Bottom-Up Decision Making
Like Bruce Hyer, the Green Party wants to do politics differently. One of the compelling reasons which members often cite for joining the Green Party is that we’re not really much of a “party” at all. By that I mean the Green Party of Canada is probably the least partisan national political party currently operating on the North American continent. Besides being a “big tent” party which has welcomed members who once belonged to the NDP, Progressive Conservatives or, like me, the Liberal Party (along with members who have never been involved in party politics), the Green Party’s emphasis on grassroots decision-making based on shared values permeates throughout the structure of the Party. While the NDP, Liberals, Conservatives and Bloc are all leader-driven parties, the role of the Leader of the Green Party is extremely limited. Our Leader can’t create policy or overturn member-approved policy in the same way that Tom Mulcair seems to want to run roughshod over some of his Party’s policies.
When Elizabeth May decided that she wanted to represent the Green Party in Saanich-Gulf Islands, an almost unheard of situation in Canadian party politics occurred: another member of the Green Party actually challenged our Leader for the nomination to represent the riding! May had to fight a nomination contest. This is illustrative of the significant independent streak which exists within the Green Party. In short, the Green Party can in no way be considered “disciplined” in the same way that the Conservatives, Liberals and NDP can. And we thrive on our ability to publicly disagree with one another on matters of policy and politics. That party members can do so without the fear of reprisal is simply staggering. Please take my word for this, as I have some considerable personal experience for publicly disagreeing with members of my Party, including our Leader, on issues of importance. I can tell you at no time has anyone, including Elizabeth May, ever asked me to keep quiet or to even tone down how I’ve expressed my opinion. I’m sure I’ve irritated some Party members along the way, but we all understand that we’re in this together, and that we belong to a Party which encourages dissent, because dissent leads to critical analysis and discussion, and ultimately to better public policy. That’s what bottom-up decision making is all about.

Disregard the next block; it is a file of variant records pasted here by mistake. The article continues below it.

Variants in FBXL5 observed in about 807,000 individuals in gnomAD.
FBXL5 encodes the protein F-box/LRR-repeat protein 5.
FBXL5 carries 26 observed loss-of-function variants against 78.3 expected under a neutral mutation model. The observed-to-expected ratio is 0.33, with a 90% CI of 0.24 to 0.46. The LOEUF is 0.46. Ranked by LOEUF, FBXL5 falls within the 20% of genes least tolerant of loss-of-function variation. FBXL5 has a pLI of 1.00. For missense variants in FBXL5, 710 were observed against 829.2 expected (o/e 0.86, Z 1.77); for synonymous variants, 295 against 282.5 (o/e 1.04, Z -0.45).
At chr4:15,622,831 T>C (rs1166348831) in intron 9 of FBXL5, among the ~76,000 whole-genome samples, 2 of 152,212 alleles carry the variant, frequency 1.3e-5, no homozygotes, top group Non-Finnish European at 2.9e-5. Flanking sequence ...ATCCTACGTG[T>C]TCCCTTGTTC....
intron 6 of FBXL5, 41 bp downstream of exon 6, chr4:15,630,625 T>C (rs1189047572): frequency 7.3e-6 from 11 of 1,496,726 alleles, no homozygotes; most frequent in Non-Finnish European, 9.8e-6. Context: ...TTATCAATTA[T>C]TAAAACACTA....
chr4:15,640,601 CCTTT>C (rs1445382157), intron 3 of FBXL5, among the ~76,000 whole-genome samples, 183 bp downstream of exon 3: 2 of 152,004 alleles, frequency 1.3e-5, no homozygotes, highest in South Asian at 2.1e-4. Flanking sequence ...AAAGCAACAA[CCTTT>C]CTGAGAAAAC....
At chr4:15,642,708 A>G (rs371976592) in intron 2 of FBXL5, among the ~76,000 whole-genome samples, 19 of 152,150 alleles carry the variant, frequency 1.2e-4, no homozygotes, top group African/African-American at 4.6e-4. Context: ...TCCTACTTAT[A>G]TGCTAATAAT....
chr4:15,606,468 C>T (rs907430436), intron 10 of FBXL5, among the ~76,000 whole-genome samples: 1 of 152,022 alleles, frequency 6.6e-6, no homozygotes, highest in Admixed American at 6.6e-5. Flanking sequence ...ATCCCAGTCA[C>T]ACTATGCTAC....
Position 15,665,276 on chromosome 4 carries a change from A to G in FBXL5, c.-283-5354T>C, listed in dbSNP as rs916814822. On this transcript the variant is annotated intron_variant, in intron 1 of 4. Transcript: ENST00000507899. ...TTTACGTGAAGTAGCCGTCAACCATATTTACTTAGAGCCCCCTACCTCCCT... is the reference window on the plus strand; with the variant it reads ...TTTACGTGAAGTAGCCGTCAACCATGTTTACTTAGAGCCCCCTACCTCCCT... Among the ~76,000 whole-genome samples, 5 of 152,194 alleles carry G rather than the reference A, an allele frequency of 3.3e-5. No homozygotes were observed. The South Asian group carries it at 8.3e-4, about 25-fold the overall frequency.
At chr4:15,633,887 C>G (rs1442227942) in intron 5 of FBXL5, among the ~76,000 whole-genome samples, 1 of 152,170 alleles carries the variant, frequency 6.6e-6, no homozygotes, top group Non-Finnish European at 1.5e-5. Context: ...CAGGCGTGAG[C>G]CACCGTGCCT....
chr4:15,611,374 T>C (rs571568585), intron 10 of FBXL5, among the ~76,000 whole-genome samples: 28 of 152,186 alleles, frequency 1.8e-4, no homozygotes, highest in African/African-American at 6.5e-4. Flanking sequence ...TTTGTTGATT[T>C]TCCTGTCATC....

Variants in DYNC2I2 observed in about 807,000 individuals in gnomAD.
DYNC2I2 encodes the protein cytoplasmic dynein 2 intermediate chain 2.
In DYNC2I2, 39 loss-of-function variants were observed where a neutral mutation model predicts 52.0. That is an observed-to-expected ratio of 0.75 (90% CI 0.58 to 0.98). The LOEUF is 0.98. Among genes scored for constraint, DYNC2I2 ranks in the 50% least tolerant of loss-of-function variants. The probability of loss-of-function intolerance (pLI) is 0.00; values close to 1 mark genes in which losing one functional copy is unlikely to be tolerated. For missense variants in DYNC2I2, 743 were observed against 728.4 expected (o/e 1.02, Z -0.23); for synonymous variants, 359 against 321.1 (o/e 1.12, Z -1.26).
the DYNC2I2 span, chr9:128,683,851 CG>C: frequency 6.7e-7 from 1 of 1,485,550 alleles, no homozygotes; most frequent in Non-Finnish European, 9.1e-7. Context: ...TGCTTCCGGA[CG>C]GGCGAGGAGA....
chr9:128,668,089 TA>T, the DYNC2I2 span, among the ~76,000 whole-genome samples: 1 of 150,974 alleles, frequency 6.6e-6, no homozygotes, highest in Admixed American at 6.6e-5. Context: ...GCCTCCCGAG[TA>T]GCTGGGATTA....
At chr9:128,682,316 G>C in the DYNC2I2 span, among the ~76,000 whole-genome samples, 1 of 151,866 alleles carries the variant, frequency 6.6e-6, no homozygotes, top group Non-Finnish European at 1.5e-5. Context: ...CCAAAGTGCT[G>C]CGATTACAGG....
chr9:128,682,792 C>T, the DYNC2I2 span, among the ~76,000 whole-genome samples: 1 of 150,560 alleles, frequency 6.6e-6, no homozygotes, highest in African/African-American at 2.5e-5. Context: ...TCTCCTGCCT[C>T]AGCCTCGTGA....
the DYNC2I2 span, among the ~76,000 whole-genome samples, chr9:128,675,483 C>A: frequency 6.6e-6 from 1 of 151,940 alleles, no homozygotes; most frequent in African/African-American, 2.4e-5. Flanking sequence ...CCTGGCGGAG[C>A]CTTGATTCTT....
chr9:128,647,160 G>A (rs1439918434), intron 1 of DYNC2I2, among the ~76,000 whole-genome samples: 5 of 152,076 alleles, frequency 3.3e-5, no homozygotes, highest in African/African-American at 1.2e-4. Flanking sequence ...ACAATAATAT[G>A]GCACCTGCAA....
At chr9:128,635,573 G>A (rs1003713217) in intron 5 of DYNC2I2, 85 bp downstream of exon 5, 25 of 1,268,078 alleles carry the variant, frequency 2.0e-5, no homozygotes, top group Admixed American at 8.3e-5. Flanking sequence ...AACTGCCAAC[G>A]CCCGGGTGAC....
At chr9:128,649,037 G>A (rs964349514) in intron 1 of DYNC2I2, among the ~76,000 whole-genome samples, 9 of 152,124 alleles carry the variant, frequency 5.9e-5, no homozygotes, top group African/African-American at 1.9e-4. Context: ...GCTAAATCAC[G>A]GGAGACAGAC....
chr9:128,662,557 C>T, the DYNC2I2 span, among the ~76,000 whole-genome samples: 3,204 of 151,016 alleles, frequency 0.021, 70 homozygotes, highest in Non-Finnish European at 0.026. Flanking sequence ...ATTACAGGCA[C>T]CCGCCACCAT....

Certainly, The Green Party’s lack of partisan focus has created some significant challenges for the Party. It might be a safer electoral strategy to mimic the Conservatives and NDP and stick to focus-group developed talking points in order to best articulate the Party’s messaging. But to do so would run counter to just about everything which the Green Party stands for in terms of participatory democracy.
And the Green Party has been thinking ahead to a time when answering the question about having a party whip becomes more than an academic exercise. With only one MP in the House right now, there is no need for a party whip. But, it seems to me that based on the Party’s grassroots approach to decision-making, our shared value of participatory democracy, and a reluctance to impose top-down control in just about everything we do, I just can’t see the Party ever successfully using a whip.
Here’s what Green Party Leader Elizabeth May had to say about her experiences in parliament, and about the future of the Party with a larger caucus:
“The single most empowering benefit of being a Green MP is that I am not oppressed by the top down system of all the other parties. Every day the pages deliver to every desk (except mine) the instructions from that party’s whip: Vote yes, vote no. Complete instructions. No individual thinking or action is allowed by any of the other parties. It has been a far greater level of control than I had expected to see.